A recession would become almost guaranteed, the deficit would worsen as the tax revenue collapsed further, and the government would be forced to default on its outstanding euro liabilities. The only way out would be exit.
In other words, the logical extension of the German proposal is that nations, which find themselves mired in recession, would exit.
The Brookings author’s contention is that it is probable that the German scheme would increase the frailty of the Eurozone in the event of a further crisis.
Ultimately, rather than exerting sound discipline on some member states, the new regime could widen bond rate differentials and make debt convergence simply unattainable, increasing the probability of a euro-area break-up.
It is quite clear that the German proposal wants to further limit any flexibility that Member States have in meeting an economic emergency.
The Brookings author notes that:
… Berlin wants to prevent each country from invoking flexibility clauses. In particular, the Italian request for flexibility showed marked weakness on the Commission’s part during negotiations … EU Commission President Juncker was forced to choose between authorizing incumbent governments to widen their deficits for a myriad of reasons, and fostering anti-European populist movements that want to scupper the entire monetary union. This precise weakness in the coordination of centralized budgetary policies has convinced the German authorities to call for decentralized risks and depoliticized controls.
The rise of extreme populist movements in Europe (particularly those on the Right) has been fostered by the failure of the monetary system to protect citizens against mass unemployment and increasing poverty.
It is a testament to policy failure rather than any so-called flexibility, which has, in an ad hoc manner, helped in a small way to prevent the Eurozone crisis from becoming an outright human disaster.
For example, the willingness of the European Central Bank to introduce the Securities Markets Program in 2010 save the Eurozone from collapse. Germany opposed that program at the time.
The flexibility that the Italian and French governments have sought in recent months, while a ‘red rag to the bull’ for the Germans, is in fact, not sufficient to redress the mass unemployment and restore economic growth.
The problem with the German proposal is that it runs counter to any notions of further political and economic integration within Europe.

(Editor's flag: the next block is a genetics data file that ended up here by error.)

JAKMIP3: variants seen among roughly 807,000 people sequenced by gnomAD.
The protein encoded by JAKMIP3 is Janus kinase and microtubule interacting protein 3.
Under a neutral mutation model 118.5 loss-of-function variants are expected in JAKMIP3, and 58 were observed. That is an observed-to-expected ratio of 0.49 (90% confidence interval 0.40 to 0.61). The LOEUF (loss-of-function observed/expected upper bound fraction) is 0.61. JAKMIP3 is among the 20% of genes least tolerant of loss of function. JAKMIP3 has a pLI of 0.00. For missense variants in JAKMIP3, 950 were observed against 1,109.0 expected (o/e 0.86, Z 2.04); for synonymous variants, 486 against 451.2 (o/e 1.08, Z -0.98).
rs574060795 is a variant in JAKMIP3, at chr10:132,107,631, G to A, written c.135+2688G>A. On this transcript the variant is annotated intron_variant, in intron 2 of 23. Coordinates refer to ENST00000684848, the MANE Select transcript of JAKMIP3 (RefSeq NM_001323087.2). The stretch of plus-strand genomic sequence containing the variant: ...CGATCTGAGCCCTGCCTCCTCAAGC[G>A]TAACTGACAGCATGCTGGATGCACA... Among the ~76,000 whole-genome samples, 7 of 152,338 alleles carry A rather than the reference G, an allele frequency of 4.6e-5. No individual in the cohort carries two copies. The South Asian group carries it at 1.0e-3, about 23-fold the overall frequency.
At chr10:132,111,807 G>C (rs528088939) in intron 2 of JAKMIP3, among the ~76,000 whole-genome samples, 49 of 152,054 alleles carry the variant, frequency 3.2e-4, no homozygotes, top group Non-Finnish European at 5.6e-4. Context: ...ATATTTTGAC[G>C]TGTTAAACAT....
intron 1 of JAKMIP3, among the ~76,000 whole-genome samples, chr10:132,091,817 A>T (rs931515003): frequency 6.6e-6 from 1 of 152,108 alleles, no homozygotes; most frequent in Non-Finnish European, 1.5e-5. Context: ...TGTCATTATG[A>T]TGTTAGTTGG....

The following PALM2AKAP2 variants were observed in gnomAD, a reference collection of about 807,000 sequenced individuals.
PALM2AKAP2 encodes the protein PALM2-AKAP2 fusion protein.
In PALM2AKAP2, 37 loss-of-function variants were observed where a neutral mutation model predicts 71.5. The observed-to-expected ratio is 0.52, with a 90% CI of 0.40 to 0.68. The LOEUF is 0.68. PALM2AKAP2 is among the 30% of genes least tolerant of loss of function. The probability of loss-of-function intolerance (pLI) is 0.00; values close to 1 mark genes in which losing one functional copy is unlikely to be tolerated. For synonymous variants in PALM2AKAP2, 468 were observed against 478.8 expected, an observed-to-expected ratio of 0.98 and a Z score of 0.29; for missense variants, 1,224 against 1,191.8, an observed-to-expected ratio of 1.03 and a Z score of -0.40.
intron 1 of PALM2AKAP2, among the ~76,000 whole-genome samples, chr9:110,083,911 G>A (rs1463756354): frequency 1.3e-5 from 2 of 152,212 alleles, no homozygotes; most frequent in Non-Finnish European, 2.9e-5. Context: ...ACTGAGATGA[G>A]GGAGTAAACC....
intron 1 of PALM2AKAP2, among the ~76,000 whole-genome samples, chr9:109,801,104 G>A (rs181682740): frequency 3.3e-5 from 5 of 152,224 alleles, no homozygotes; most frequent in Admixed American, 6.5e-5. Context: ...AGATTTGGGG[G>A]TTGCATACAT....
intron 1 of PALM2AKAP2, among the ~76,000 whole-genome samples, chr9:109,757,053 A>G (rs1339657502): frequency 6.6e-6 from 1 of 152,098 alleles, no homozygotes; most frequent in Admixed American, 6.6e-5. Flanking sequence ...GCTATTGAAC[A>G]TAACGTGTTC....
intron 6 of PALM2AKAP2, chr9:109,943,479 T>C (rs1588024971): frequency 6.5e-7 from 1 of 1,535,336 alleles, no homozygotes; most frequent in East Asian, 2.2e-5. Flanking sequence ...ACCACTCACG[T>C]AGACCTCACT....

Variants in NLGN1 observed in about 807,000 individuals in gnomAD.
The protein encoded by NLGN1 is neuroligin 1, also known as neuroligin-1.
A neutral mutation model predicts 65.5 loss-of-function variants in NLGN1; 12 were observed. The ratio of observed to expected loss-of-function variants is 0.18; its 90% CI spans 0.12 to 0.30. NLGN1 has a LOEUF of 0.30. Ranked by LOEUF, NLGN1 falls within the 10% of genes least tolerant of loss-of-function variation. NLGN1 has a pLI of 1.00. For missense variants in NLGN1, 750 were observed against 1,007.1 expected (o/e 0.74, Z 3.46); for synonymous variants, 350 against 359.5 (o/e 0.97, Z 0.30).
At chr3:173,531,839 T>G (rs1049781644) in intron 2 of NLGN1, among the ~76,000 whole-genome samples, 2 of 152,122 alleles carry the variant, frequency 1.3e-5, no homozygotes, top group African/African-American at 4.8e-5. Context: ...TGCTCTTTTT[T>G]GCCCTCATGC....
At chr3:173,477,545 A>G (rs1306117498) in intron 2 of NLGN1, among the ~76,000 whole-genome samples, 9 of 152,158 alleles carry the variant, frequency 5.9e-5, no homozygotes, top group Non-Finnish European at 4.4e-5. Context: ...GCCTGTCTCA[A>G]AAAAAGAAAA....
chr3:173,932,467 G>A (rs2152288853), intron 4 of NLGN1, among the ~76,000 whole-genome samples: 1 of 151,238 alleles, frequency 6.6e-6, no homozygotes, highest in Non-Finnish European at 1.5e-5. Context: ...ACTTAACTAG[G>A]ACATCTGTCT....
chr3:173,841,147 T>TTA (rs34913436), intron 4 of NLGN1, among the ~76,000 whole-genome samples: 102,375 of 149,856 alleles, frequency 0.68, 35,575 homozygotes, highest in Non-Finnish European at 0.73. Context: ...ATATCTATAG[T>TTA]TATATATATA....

The only way the Eurozone can effectively function is if a federal fiscal capacity is established and is given enough flexibility to spend sufficient amounts to offset non-government spending gaps. Whether it be allowed to issue debt, which would be the joint responsibility of all Member States is another question.
Modern Monetary Theory (MMT) tells us that once the fiscal capacity is aligned with the currency-issuing capacity then there is no need for they government to continue to issue debt. Simple accounting transactions between the central bank and the treasury can facilitate government spending without any recourse to issuing debt.
That is a defining feature of a currency-issuing government, which floats its exchange rate.
The fact that the German proposal further sequesters any ‘federal’ agency from providing necessary fiscal resources to struggling Member States is the antithesis of where the Eurozone should be heading if it wants to maintain the common currency and allow the Member States to advance the well-being of their citizens.
The German proposal is tantamount to encouraging exit as the only viable option for most of the Member States.
That should come as no surprise given the German history of gaming the system to suit itself.
Even before the creation of the common currency, the mercantile policies of the German government and the support given to German industry via Bundesbank manipulation of the exchange rate was to the detriment of France, Italy and other EEC states.
To maintain the fixed exchange rate systems that they had agreed to required symmetrical intervention from the existing Member States’ central banks. The Bundesbank failed to act symmetrically when German trade surpluses were overwhelming and putting upward pressures on the German mark and downward pressures on the French franc and the Italian lira, among other Member State currencies.
The Bundesbank fear of inflation prevented it selling sufficient German marks in return for other currencies, which meant that the fixed exchange rate systems before the Eurozone were always under threat and the trade deficit nations will always under pressure to deliberately maintain elevated levels of unemployment and domestic recession.
This proposal is just another expression of the failure to understand what a responsible role for Germany in Europe means. The current crop of German politicians do not seem to have learned from history.
That is enough for today!
(c) Copyright 2015 William Mitchell. All Rights Reserved.